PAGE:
Over the last few years, capabilities of AI and RPA technologies have expanded, prices of AI-driven, enterprise-level software have dropped, and it has become steadily easier for average users to set up and run that software.
So, it is a bit perplexing that many organizations still have not started using AI.
The issue may lie with a lack of knowledge about how to use robotic process automation (RPA) and AI in business, or even an outright fear of the technologies.
Business leaders' beliefs
"One of the biggest gaps in [business leaders'] beliefs is that AI is a technology of now, not just of the future," said Nigel Duffy, global artificial intelligence leader at London-headquartered Ernst & Young (EY).
"The gap between where we are today in terms of what the technology can do and what it is doing is wide," Duffy said.
The technology, however, is ready now, and can help businesses get ahead, Duffy said.
In addition, Duffy, referring to a recent EY study, noted that about a third of business leaders said they lack the skilled personnel needed to adopt AI technologies.
"Many enterprises believe they need to be building this stuff in-house," Duffy said. In reality, organizations can rely on third-party AI-driven software, or a combination of third-party and in-house developed technologies, and still benefit from AI.
It can take time to deploy AI successfully, and business leaders should ask themselves how exactly AI can help in "my business, in my function, in my sector," before beginning to purchase or develop the technologies," he said.
"This is a journey and it's largely about bridging the gap between the technology and the business impact," Duffy said.
Education and evangelism
Education, trainings and technology evangelism are key to helping business leaders understand the capabilities and role of AI in business. They may also prove helpful for employees who fear that RPA or AI-driven software may replace them.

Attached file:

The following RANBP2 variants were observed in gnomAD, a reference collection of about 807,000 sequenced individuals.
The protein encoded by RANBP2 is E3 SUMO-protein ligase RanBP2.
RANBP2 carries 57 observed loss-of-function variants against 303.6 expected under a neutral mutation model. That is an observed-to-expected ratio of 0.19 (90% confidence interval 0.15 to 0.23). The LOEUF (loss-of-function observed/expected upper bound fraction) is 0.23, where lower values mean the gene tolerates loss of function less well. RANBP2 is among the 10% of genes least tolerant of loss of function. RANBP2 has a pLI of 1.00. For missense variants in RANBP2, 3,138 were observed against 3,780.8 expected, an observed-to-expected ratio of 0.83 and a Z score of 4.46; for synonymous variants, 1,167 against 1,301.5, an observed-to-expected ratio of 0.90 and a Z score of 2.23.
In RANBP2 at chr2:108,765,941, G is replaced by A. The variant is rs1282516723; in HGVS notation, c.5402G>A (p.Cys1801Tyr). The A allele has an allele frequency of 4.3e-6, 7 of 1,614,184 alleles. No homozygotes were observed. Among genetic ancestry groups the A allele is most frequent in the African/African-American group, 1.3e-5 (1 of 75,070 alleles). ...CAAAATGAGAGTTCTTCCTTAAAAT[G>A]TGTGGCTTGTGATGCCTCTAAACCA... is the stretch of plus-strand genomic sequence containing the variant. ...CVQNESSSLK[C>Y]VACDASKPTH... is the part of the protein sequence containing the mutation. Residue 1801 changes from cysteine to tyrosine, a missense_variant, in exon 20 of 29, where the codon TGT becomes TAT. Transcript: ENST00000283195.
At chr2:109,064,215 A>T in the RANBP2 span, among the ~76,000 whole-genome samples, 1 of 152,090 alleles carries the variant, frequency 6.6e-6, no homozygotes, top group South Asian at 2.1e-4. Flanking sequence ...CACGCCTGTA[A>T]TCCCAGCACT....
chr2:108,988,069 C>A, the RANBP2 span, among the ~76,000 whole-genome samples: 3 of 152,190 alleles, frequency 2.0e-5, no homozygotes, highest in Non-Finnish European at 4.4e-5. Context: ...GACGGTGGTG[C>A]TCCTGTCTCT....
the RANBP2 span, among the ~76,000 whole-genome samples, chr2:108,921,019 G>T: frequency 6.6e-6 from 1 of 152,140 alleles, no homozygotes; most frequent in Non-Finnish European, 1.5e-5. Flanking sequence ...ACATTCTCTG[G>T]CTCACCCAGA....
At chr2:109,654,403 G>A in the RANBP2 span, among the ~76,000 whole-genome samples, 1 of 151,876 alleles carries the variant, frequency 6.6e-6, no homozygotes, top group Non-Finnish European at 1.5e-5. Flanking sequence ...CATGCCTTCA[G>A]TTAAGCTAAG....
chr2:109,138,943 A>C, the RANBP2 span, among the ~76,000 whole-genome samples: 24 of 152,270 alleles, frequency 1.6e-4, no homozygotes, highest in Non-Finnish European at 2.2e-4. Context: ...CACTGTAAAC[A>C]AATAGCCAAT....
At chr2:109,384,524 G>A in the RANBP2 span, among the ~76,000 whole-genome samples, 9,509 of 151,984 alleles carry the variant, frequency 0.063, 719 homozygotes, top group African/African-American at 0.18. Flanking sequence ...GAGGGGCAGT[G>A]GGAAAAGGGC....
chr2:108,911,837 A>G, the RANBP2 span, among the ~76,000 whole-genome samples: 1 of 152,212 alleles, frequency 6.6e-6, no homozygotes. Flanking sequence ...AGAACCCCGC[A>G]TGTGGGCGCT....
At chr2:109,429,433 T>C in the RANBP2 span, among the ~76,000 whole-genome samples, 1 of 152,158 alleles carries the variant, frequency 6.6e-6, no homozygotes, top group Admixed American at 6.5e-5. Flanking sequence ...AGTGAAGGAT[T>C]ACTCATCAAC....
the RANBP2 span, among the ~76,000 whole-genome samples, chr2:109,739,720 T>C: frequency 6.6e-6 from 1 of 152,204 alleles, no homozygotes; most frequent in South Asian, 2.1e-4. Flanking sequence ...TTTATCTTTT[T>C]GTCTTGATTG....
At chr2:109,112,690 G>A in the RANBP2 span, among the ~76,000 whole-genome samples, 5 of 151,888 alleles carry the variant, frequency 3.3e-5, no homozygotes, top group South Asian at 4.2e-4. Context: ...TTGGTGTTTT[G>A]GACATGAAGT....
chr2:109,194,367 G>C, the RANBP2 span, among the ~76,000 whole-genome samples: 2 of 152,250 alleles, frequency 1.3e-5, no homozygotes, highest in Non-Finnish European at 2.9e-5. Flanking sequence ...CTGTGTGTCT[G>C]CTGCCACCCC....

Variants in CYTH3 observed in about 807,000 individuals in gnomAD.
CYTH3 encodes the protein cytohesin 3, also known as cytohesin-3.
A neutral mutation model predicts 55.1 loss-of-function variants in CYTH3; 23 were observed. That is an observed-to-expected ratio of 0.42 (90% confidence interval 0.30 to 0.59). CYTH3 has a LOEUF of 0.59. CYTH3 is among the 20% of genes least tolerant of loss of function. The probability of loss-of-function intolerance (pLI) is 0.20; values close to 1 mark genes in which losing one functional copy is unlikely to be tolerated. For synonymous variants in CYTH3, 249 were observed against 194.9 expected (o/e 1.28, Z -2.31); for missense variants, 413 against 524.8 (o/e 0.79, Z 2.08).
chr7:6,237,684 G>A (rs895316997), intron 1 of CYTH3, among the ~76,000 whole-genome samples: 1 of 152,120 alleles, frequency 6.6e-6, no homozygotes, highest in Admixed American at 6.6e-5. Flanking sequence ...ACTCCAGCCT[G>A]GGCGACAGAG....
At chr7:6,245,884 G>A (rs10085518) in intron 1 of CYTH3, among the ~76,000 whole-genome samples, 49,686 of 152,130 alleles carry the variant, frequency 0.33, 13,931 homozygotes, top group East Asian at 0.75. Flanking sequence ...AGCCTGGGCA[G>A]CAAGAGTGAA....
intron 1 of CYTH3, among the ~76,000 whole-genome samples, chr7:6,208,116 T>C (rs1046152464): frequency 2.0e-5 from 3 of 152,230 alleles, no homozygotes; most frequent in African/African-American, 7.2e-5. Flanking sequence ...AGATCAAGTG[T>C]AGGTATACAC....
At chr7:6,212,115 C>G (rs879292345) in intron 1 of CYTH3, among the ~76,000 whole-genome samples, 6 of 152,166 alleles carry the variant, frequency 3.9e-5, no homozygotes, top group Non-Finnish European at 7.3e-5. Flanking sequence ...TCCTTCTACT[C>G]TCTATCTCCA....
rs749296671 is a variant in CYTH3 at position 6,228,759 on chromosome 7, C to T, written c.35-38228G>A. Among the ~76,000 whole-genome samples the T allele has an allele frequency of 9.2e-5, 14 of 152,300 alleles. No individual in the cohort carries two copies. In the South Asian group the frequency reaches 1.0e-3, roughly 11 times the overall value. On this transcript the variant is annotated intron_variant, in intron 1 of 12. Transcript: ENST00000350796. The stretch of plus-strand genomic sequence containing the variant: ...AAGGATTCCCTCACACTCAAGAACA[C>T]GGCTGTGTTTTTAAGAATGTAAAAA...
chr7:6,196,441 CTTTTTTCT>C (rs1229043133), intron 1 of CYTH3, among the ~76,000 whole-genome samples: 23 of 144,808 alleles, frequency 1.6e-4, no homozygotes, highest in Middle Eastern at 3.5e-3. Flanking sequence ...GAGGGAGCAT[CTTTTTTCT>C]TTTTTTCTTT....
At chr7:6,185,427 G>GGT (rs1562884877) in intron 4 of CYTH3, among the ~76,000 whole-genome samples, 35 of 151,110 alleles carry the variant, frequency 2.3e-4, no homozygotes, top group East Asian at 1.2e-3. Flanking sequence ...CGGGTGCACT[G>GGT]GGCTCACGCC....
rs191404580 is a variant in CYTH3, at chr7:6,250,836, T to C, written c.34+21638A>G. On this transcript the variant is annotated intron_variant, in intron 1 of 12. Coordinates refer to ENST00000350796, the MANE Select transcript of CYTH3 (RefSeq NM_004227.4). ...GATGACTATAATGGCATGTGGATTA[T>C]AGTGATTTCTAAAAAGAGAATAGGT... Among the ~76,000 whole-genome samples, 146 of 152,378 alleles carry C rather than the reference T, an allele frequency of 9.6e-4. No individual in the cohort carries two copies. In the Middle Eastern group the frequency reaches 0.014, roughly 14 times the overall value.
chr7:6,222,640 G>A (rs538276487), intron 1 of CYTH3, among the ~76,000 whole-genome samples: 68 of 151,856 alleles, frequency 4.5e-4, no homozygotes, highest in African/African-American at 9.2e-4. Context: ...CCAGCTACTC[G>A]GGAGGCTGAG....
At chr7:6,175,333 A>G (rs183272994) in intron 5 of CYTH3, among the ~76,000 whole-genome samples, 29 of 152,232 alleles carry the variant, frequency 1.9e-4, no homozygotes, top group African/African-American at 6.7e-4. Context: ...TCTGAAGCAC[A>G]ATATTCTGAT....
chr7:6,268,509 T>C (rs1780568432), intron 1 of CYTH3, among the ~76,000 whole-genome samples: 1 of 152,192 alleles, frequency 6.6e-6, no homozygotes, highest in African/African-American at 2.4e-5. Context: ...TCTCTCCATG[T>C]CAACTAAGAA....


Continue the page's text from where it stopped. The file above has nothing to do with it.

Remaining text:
Nigel DuffyGlobal artificial intelligence leader, EY
"If you look at how these technologies are discussed in the media, there's a strong preference to talk about the downside and challenges, and we often neglect to talk about the upside," Duffy said.
Yet, he said, generally, people whose jobs will be affected by AI tend to have a positive reaction to the technology after its implemented.
AI-driven software can help automate mundane tasks, and help people focus on more important tasks in their jobs. It can reduce stress, Duffy said, and generally improve people's working lives.
"[AI] empowers people to change their lives in positive ways," he said.
People do tend to worry when their organization makes steps to adopt AI and RPA technologies, said Chris Huff, chief strategy officer at Kofax, an automation platform vendor headquartered in Irvine, Calif.
Huff, who formerly worked at consulting firm Deloitte as the robotics and intelligent automation group lead, said the human element is the biggest challenge when deploying RPA and AI in business.
Before deploying RPA, business leaders should meet with employees and address whether people will lose their jobs or if they are likely to be displaced.
"You need to be empathetic and genuine and appreciate that perspective," Huff said.
Yet, in many cases, Huff said, the technology helps empower people and create new jobs. RPA helps eliminate repetitive work and shift employees to do more "value-based work."
RPA and AI can help replace parts of jobs employees don't want to do anyway, leaving most people enthusiastic about the technologies, he said.
According to some experts, as well as several studies, however, inevitably at least some people will lose their jobs to AI and RPA technologies, especially as more organizations continue to use the technologies and as they mature to include more capabilities.